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ART

Las Meninas: The Work of Art That Only True Geniuses Can Decipher

Por: Carolina Romero 18 de enero de 2023

‘Las Meninas’ by Diego Velázquez is one of the most intriguing works in art history.

Art is not for everyone. It requires reflection and questioning. It is necessary to see far beyond colors and shapes; to transcend the strokes, to overcome the boundaries imposed on a canvas. Las Meninas provides the best opportunity to do so.

The work, painted in oil on canvas, was completed in 1656. Diego Velázquez innovated in his composition the aerial perspective, and there are three sources of light: one comes from the right window, another from the left side, and another from the background. That, in terms of the most technical aspects -and what seems to be the simplest. However, Las Meninas goes far beyond these questions. From the astonishment it provokes, hundreds of theories have been formulated.

The realist trend, represented by Stirling-Maxwell and Carl Justi, this theory interpreted this painting as an everyday scene of the time. These historians saw in this painting a typical court scene. Nothing unusual. However, later readings argued that Velázquez had knowledge of cosmography and astronomy and that this was reflected in the composition of this painting. Other theorists even argued that, if one looked closely, one would find esoteric or occult elements in it. On the other hand, Charles Tolnay, an art historian, argued that it was a kind of allegory of the painter’s artistic creation.

Meanwhile, Michel Foucault (from philosophy), and Jaques Lacan (from psychoanalysis), devoted some reflections to this picture. The former in Words and Things, and the latter in The Object of Psychoanalysis. To tell the truth, these studies are not opposing readings, but complementary.

In a general way, Foucault places special emphasis on the spectator, whom he says:

“The spectacle he contemplates is twice invisible; because it is not represented in the space of the painting and because it is situated right in this blind spot, in this essential box in which our gaze is subtracted from ourselves at the moment we see it.”

If we look at the painting closely, we see how the viewer is looked at directly by all the subjects in the portrait. He is there, perceived by all. A kind of surprise visitor.

For his part, Lacan maintained:

“It is thus the presence of the painting in the painting that allows us to free the rest of what is in the painting from this function of representation and it is in this that this painting captures us and surprises us.”

Lacan gives a reading from psychoanalysis and adds to them conceptions of his own thought. For example, he argues that it is about the value of demonstrating the existence of a kind of ghost represented in the spectator.

Both, however, agree that it is a game of representations: the represented and the representation itself. The difference between the two lies, essentially, in the meaning of the figures of the Kings. For Lacan, that picture is the subject of the canvas. In addition, both question Velázquez’s action. Why did he portray himself in a painting impossible for the viewer to see, what is he painting?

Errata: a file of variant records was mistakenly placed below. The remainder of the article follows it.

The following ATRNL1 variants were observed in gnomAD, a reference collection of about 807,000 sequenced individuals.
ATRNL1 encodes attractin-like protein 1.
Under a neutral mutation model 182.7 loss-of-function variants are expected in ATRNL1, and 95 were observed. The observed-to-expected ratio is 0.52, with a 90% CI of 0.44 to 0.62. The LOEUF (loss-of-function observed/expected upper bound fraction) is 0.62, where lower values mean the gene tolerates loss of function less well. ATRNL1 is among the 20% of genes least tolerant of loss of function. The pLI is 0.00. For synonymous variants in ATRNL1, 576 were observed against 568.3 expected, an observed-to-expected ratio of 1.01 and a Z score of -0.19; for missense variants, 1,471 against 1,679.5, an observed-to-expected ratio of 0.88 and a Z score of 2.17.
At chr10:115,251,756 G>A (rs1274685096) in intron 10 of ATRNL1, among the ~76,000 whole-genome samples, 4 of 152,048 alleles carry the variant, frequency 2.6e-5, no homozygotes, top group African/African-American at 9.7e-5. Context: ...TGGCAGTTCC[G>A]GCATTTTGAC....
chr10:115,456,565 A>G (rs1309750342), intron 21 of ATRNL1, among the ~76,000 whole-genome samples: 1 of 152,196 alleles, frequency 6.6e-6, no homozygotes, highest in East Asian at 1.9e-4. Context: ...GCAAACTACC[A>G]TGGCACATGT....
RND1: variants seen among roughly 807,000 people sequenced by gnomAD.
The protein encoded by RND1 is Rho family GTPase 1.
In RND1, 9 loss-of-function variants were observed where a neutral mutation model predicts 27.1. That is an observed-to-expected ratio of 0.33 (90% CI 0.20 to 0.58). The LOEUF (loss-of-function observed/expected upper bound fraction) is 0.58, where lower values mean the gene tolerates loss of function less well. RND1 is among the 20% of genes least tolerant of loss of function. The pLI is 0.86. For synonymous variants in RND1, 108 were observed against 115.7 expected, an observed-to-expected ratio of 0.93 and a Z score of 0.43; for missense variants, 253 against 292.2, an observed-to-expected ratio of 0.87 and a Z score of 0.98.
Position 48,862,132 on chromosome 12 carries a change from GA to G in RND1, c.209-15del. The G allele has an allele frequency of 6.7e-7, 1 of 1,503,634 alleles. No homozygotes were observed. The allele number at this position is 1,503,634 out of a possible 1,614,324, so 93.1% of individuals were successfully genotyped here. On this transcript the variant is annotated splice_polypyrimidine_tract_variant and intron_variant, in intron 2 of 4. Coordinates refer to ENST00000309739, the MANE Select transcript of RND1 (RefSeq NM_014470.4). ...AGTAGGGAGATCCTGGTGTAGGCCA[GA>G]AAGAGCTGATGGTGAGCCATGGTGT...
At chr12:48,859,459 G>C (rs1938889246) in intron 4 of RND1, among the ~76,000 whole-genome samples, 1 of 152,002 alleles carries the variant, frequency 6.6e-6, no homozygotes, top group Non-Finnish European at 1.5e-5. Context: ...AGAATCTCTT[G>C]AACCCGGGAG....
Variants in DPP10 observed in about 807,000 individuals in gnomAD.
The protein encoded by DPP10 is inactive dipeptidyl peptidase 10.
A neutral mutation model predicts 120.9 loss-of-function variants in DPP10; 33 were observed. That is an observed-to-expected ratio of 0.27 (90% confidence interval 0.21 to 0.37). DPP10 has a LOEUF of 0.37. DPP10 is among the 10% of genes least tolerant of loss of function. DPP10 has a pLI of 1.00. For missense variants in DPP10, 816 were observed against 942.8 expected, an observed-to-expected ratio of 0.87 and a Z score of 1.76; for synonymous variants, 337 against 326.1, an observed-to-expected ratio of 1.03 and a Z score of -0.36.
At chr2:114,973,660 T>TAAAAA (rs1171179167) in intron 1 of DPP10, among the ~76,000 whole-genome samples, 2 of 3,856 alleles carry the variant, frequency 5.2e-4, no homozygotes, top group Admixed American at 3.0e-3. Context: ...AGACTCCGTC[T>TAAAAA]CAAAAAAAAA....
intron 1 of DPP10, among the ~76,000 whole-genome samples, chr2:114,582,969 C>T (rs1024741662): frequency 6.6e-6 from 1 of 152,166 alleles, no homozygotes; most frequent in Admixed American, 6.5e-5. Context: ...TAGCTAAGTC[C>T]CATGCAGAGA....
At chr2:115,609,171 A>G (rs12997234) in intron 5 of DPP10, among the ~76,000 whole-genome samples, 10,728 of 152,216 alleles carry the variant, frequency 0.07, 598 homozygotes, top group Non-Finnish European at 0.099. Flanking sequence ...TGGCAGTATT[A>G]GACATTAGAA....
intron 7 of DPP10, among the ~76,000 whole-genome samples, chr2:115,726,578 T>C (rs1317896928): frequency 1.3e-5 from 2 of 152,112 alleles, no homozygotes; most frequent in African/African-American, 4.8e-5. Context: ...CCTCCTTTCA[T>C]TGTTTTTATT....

According to Luciano Luterau in The Object A as Gaze: The Question of Representation, for Lacan “the gaze is that which is opposed to the unified subject of perspective.” Whereas for Foucault, the play between gazes and representation is an exemplification of that which cannot be said; that is, that which is made invisible from the scene and explains it:

“Foucault considers the blind spot of vision, while Lacan radicalizes this approach to think that which subtends the field of visibility. That is why his analysis considers fundamentally the luminous component of the picture.”

It can be seen, then, how it is a moment of irruption. It seems that the world is on pause. Perhaps this is the reason why a mysterious aura surrounds the whole scene. So mysterious that, still in our days, Jonathan Brown -the most outstanding authority on the Spanish painter, said: “It is a very bold painting as a reflection of his social aspirations. But I have not yet touched the bottom of Las Meninas. It is a work that needs to be revised every 25 years, and I think it is my turn for a new interpretation.”

It is clear that understanding Las Meninas is extremely complicated. The readings that seek to approach this painting do not cease to get lost among their own discourses. It is still, after all, an interpretation.

Art is such insofar as it does not need theoretical discourses -at least not for its primary purpose- although these interpretations may become completely necessary to look at it from another angle and perhaps decipher a little of its content.

Story originally published in Spanish in Cultura Colectiva


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